My relationships are often defined more by distraction, internal chaos, and busyness rather than by being fully engaged with others and keenly attuned to what’s right in front of me.
We all have those moments when we’re in a conversation but we’re not really in the conversation. In other words, someone is talking to you, but your mind is elsewhere. You may have the appearance of listening externally, but internally you are taking a mental nap. Sometimes people realize it, and sometimes they don’t.
I’ll tell you what happens with me. Instead of fighting to live in the present, I allow a moment, a conversation, or a relationship to drift away into the rearview mirror of my life, never to be recaptured. When this happens, my capacity to love and influence the people right in front of me is diminished. I’ve discovered that the moments when I’m most effective as a leader happen when I’m most alive to right now. This doesn’t mean I neglect thinking about the future, pursuing the vision God has placed in my heart, or relinquish what needs to be accomplished. However, it does mean that to love and influence most fully, I must refuse to get lost in my mind and remain relationally disengaged.
Most leaders are compelled by the future, fascinated by vision, and obsessed with changing the status quo. But when we focus too much of ourselves on what we’re trying to accomplish, what is to come, what will be, or what change we’re hoping for, we can miss right now. And being able to live well in right now is critical to effective leadership.
When I reflect back and realize this has happened many times, it saddens me because I have too easily allowed potentially significant moments of my life to pass me by. Times when I don’t fully listen or capitalize on a conversation, times when I fail to love another human being like I should, and times when I simply miss out on capturing the depth and meaning that can be experienced in a relationship.
On the outside, life is always moving, but life can only be fully experienced when we are still and centered on the inside. Living like this empowers us to be fully engaged on the outside.
We will only encounter life in all its fullness when we remain centered in RIGHT NOW.
When we’re centered in the present, we’re able to bring the all-ness of who we are to our every moment, and that will enhance the quality of our relationships and empower the strength of our influence.
This way of living and leading is what I call the power of all-ness. Jesus dealt with the idea of all-ness when He was confronted with the question of the greatest commandment. He refers to all-ness as it relates to the dynamic force of loving God and others in relationships. He wraps the idea of all-ness into four realms as He challenges humanity to give the fullness of themselves through their heart, soul, mind and strength. You’re probably familiar with His declaration in the Gospel of Mark:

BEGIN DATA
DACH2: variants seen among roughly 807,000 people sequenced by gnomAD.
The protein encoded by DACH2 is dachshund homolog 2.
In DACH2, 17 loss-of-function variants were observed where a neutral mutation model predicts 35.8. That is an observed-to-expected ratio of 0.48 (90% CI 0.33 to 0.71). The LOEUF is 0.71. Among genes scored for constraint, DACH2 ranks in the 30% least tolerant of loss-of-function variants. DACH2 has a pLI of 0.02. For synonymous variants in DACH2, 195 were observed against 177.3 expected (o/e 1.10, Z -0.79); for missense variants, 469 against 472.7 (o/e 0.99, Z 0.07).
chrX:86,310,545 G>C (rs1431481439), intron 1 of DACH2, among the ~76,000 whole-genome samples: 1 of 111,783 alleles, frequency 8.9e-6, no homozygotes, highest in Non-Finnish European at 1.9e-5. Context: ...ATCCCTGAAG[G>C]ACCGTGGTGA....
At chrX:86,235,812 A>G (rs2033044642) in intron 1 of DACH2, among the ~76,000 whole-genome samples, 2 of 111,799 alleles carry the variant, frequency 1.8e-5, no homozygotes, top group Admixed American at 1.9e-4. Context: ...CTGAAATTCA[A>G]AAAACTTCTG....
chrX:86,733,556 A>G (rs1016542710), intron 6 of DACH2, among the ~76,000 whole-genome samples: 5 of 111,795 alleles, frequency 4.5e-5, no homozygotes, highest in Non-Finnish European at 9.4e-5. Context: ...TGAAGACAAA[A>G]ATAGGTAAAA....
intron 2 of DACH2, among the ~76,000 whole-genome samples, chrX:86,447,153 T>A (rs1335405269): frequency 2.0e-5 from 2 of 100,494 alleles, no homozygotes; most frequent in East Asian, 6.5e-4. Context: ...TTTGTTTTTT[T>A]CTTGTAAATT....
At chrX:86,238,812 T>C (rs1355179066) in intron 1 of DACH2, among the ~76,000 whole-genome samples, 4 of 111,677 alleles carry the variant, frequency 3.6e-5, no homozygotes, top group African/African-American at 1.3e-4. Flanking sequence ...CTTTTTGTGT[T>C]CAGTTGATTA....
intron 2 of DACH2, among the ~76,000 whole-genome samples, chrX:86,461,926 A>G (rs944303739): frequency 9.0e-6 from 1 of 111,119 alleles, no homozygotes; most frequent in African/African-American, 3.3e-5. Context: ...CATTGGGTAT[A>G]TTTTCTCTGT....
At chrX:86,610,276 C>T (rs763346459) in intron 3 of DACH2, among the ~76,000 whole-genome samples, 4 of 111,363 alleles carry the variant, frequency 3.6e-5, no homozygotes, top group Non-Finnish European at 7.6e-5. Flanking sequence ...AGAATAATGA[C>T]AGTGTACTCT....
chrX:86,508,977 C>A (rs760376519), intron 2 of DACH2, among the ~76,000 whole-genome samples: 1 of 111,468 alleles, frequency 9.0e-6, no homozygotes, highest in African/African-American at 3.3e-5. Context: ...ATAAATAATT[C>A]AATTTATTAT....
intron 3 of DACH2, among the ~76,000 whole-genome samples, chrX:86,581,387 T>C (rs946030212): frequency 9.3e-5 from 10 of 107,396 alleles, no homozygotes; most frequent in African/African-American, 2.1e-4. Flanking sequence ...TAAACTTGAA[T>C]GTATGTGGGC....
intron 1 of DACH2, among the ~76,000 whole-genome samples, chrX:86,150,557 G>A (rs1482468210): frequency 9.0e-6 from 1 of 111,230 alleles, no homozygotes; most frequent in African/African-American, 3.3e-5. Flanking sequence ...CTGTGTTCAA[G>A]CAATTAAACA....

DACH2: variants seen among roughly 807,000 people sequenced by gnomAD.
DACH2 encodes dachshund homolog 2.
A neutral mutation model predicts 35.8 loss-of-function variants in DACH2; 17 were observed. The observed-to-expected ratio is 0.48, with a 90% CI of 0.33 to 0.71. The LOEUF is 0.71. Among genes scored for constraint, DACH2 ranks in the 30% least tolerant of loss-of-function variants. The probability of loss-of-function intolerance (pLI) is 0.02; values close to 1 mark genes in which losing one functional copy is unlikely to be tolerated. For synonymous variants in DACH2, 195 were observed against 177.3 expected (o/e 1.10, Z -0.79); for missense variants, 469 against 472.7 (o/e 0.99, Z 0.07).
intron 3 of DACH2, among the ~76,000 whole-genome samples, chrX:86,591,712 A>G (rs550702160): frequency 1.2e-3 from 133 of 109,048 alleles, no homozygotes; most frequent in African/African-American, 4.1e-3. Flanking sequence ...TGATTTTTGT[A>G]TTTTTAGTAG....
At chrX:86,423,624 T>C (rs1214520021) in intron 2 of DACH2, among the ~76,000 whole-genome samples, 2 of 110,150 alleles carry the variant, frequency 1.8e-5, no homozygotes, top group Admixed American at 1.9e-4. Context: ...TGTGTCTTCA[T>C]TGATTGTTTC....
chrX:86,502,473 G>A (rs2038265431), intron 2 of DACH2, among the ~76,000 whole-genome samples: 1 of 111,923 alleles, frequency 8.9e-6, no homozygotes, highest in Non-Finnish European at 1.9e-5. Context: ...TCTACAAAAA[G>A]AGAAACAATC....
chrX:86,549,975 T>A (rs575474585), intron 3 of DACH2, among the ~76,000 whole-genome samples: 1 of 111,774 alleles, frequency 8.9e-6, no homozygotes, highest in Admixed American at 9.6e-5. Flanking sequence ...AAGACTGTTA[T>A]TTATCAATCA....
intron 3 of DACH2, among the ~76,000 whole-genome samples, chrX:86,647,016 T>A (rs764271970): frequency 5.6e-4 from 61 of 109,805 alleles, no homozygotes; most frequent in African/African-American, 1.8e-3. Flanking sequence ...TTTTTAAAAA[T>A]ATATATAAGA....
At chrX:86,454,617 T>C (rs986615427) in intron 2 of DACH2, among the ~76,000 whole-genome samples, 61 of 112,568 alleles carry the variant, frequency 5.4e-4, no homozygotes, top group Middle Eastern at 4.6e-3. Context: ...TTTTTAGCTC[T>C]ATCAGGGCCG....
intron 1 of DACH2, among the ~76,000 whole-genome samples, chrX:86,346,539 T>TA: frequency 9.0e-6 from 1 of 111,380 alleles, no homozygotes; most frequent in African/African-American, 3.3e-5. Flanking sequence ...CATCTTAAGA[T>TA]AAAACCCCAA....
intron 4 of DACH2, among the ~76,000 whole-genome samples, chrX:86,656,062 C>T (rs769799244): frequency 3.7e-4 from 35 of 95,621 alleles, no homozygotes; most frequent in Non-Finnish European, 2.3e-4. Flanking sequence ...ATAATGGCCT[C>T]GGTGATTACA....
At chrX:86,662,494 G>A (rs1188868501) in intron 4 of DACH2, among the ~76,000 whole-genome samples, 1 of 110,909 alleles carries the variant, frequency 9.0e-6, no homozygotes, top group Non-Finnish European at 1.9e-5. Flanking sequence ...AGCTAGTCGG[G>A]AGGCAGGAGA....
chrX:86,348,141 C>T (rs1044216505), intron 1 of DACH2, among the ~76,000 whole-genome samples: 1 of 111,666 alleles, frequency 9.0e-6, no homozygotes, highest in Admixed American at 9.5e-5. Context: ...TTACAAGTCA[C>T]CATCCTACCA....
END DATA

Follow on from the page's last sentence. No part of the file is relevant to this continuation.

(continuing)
Love the LORD your God with all your heart and with all your soul and with all your mind and with all your strength. The second is this: Love your neighbor as yourself. There is no commandment greater than these.
Above all else, Jesus’ desire for us is to embody the fullness of love with the entirety of who we are. When we don’t, we begin to compartmentalize who we are, thus allowing parts of our selves to remain disconnected, and thus distracted from who and what is right in front of us. Jesus understood that when we fail to integrate our complete self, we fragment our relationships and damper our capacity to influence others in a positive way.
In the original Greek language of the New Testament, Jesus uses the preposition ek, which means “from the center.” Then he connects ek with holos, which means, “the parts are all present” or “none are missing”. Jesus uses these two words together four times in Mark 12:30-31) to emphasize His desire for human beings to love God from the center of their being, bringing the all-ness of who they are–that is, every part of themselves into that relationship.
Jesus was heightening the importance of what I believe is a critical principle of right now leadership: wherever we are, be all there. He’s trying to help us understand the connection between living fully present and the holistic experience of love.
When we’re centered in right now, we will experience His power and love in more profound ways. In essence, that power will create a charge within us, and that charge is the intangible force of love that creates impact outside ourselves.
When every part of our being is fully present, we offer our whole selves to whatever we’re doing. Our undivided attention becomes focused in the right now (on the task at hand and on the people involved), thus empowering our ability to influence others more effectively.
Don’t get me wrong, I love dreaming about the future, pondering endless possibilities of what’s to come, and moving forward in life with hope, vision, and ambition. But I’ve discovered that when I take both eyes off the present, when I am not centered in the now, and when I am overly pre-occupied with the future, I miss right now. And right now is where the fullness of life is experienced and enjoyed. Right now is where love is most fully encountered both in you and through you.
Remember: Life is the moment we choose to live right now.